[time-nuts] establishing your position w/o gps

J. Forster jfor at quikus.com
Tue Jan 24 18:19:10 EST 2012

Is the USNO almana/ephemeris still published in hard copy every year? That
had moon timing, etc.





>> But how do you untangle longitude and time? How do you know that you are
>> looking exactly south (or north)?
> If I understand what you are asking, it's the same problem as navigating a
> ship without a clock.
> Classic navigation with a sextant needs a clock and sightings on 3 objects
> in
> the sky.  Each sighting  gives you a circle on the globe, or a line if you
> know roughly where you are.  The lines form a triangle.  The size of the
> triangle is an indication of the accuracy.  You pick the objects so the
> triangle is roughly equilateral.
>   http://en.wikipedia.org/wiki/Celestial_navigation
> You can get time from the moon, so in theory at least, that's an answer to
> your question.
>   http://en.wikipedia.org/wiki/Lunar_distance_%28navigation%29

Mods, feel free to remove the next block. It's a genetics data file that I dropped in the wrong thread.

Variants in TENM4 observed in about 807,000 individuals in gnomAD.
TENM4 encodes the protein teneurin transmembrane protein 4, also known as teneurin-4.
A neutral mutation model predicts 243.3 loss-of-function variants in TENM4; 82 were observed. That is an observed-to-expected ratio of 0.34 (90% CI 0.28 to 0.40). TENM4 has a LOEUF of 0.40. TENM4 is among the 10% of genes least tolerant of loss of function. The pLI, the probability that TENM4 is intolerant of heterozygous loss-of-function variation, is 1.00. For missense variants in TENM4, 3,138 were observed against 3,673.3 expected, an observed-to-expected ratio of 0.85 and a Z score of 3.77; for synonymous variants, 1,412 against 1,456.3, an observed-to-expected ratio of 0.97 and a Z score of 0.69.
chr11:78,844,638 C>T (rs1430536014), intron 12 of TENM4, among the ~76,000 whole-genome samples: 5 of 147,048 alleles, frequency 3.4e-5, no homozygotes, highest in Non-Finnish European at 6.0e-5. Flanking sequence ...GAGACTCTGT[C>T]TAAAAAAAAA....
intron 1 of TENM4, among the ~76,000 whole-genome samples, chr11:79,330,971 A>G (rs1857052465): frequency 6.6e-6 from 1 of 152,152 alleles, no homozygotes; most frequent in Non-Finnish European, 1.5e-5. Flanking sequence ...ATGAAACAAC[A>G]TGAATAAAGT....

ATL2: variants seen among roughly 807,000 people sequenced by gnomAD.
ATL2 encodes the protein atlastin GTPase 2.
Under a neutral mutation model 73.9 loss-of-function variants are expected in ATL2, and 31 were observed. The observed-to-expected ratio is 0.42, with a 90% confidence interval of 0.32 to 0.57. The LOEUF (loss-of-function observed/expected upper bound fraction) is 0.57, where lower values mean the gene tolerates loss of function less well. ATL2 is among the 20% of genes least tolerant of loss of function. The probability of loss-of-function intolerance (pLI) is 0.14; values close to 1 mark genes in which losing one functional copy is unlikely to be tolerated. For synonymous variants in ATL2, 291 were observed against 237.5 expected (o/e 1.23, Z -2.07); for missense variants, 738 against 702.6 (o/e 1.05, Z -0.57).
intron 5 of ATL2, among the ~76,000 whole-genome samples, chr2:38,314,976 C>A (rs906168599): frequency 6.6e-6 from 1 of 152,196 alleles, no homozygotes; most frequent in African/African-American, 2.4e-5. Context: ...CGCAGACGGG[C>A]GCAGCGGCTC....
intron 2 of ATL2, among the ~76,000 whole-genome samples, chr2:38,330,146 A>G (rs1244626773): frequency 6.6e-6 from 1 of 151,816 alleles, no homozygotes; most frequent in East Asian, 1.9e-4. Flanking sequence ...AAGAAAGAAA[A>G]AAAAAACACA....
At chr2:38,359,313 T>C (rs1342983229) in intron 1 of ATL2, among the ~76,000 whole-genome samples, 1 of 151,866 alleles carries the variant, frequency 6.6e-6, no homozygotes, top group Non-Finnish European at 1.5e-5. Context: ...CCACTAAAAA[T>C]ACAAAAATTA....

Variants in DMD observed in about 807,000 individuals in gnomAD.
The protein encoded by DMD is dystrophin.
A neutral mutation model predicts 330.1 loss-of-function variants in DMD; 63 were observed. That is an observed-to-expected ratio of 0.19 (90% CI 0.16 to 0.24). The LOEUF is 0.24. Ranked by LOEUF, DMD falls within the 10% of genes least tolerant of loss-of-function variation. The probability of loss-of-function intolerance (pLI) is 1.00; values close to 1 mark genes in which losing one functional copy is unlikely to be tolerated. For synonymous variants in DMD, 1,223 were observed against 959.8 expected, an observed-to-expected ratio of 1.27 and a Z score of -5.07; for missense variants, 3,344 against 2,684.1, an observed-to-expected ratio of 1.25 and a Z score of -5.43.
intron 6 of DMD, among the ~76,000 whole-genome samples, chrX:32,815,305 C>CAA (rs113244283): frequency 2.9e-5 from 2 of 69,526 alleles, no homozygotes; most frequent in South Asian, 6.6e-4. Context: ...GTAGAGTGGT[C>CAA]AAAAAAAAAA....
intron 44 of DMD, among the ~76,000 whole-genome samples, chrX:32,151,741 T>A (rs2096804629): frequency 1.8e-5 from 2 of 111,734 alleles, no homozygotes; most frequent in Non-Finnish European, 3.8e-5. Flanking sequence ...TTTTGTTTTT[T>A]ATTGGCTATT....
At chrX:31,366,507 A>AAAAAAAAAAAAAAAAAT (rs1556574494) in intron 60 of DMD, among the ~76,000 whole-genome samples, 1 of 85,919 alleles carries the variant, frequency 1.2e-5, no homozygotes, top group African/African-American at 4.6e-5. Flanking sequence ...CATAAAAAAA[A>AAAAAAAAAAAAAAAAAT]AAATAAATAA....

> Years ago, when a friend was learning navigation, he was reading one of
> the
> old classic texts.  There was a good story about the guy off the coast of
> England/Ireland who didn't trust his clock, so he did the calculations
> again
> assuming his clock was a bit fast and again with it slow.  That gave him 3
> parallel lines for each sighting.  Anybody recognize that story?
> Longitude by Dava Sobel is a good read, especially for time-nuts.  There
> is
> also a version with lots of good photographs.
> One of the techniques they actually considered before Harrison built good
> enough clocks was to derive time from Jupiter's moons.  They knew enough
> to
> correct for the time shift due to speed of light delays as the
> Earth-Jupiter
> distance changed.  (I don't know if they knew if was due to speed of
> light.)
> You can synchronize two clocks if both sites can see the same event in the
> sky,  Occultations are often used for this.
> With modern technology, radio telescopes are very very good at this.   In
> order to do VLBI, you need to know where the telescopes are located.  With
> a
> big collection of data you can do least-squared fit type calculations to
> refine the location and clock calibration.
> --
> These are my opinions, not necessarily my employer's.  I hate spam.
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